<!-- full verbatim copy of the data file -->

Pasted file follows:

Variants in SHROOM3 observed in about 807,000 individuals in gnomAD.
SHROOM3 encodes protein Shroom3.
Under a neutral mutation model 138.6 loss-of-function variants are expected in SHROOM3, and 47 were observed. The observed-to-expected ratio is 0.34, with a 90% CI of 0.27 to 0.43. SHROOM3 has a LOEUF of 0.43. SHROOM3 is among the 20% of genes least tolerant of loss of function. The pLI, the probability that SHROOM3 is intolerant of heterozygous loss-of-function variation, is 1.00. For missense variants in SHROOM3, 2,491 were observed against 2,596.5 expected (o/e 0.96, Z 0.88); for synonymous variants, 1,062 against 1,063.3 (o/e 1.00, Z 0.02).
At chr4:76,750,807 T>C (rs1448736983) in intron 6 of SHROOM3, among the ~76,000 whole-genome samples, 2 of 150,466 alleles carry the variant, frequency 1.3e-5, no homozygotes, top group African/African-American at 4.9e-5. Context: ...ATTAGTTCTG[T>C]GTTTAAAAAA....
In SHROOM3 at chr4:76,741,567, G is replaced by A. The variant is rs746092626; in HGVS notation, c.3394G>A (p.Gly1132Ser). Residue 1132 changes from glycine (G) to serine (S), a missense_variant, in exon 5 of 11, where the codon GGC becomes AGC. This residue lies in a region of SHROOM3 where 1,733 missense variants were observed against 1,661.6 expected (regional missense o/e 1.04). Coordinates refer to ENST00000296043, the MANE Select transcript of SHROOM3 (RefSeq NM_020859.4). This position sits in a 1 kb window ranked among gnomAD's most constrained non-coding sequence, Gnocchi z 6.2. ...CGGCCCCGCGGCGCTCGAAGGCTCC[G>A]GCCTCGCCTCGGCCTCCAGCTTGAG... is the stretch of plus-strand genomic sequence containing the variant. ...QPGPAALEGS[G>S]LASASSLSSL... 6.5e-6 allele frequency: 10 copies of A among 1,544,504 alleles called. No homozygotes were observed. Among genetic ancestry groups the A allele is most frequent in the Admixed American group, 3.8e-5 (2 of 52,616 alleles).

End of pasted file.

Variants in SHROOM3 observed in about 807,000 individuals in gnomAD.
SHROOM3 encodes protein Shroom3.
Under a neutral mutation model 138.6 loss-of-function variants are expected in SHROOM3, and 47 were observed. The observed-to-expected ratio is 0.34, with a 90% CI of 0.27 to 0.43. SHROOM3 has a LOEUF of 0.43. SHROOM3 is among the 20% of genes least tolerant of loss of function. The pLI, the probability that SHROOM3 is intolerant of heterozygous loss-of-function variation, is 1.00. For missense variants in SHROOM3, 2,491 were observed against 2,596.5 expected (o/e 0.96, Z 0.88); for synonymous variants, 1,062 against 1,063.3 (o/e 1.00, Z 0.02).
At chr4:76,750,807 T>C (rs1448736983) in intron 6 of SHROOM3, among the ~76,000 whole-genome samples, 2 of 150,466 alleles carry the variant, frequency 1.3e-5, no homozygotes, top group African/African-American at 4.9e-5. Context: ...ATTAGTTCTG[T>C]GTTTAAAAAA....
In SHROOM3 at chr4:76,741,567, G is replaced by A. The variant is rs746092626; in HGVS notation, c.3394G>A (p.Gly1132Ser). Residue 1132 changes from glycine (G) to serine (S), a missense_variant, in exon 5 of 11, where the codon GGC becomes AGC. This residue lies in a region of SHROOM3 where 1,733 missense variants were observed against 1,661.6 expected (regional missense o/e 1.04). Coordinates refer to ENST00000296043, the MANE Select transcript of SHROOM3 (RefSeq NM_020859.4). This position sits in a 1 kb window ranked among gnomAD's most constrained non-coding sequence, Gnocchi z 6.2. ...CGGCCCCGCGGCGCTCGAAGGCTCC[G>A]GCCTCGCCTCGGCCTCCAGCTTGAG... is the stretch of plus-strand genomic sequence containing the variant. ...QPGPAALEGS[G>S]LASASSLSSL... 6.5e-6 allele frequency: 10 copies of A among 1,544,504 alleles called. No homozygotes were observed. Among genetic ancestry groups the A allele is most frequent in the Admixed American group, 3.8e-5 (2 of 52,616 alleles).